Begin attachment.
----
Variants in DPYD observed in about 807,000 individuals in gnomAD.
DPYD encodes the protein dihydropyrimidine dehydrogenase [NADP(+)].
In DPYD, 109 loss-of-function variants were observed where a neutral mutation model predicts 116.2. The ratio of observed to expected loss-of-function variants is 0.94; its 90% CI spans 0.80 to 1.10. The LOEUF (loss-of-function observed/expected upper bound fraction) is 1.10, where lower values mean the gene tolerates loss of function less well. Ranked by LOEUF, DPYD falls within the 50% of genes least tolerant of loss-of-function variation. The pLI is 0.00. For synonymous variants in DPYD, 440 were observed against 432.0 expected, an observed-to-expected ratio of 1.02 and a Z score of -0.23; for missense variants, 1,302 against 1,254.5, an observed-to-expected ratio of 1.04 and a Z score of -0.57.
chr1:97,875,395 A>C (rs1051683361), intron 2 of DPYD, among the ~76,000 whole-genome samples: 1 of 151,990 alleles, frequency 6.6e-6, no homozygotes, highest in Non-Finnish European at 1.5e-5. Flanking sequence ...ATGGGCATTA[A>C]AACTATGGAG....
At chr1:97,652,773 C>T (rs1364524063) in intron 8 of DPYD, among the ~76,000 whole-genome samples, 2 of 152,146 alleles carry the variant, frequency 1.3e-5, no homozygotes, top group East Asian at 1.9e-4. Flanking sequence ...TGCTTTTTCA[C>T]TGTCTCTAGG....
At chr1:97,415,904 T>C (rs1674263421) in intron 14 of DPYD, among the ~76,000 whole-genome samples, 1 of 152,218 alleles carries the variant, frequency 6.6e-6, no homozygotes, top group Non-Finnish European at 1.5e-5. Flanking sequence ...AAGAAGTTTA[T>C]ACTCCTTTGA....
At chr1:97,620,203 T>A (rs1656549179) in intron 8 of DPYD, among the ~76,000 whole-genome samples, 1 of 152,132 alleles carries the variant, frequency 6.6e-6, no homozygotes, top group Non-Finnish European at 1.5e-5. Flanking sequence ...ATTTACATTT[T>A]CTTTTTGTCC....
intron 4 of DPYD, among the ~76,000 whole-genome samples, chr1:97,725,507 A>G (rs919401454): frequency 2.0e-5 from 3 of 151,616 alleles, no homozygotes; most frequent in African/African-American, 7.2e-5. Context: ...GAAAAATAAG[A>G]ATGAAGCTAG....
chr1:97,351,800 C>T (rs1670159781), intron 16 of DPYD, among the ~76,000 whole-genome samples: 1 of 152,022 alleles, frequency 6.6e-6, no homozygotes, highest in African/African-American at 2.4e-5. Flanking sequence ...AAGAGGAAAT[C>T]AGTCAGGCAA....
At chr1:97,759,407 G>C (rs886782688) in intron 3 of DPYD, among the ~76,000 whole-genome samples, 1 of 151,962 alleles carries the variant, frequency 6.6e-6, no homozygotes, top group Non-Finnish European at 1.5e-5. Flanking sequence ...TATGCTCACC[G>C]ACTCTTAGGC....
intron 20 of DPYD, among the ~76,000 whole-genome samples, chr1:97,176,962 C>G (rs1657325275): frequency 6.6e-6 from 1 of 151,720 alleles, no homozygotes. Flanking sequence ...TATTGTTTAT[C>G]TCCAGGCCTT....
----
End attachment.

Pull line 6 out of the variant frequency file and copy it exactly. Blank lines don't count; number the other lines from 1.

At chr1:97,415,904 T>C (rs1674263421) in intron 14 of DPYD, among the ~76,000 whole-genome samples, 1 of 152,218 alleles carries the variant, frequency 6.6e-6, no homozygotes, top group Non-Finnish European at 1.5e-5. Flanking sequence ...AAGAAGTTTA[T>C]ACTCCTTTGA....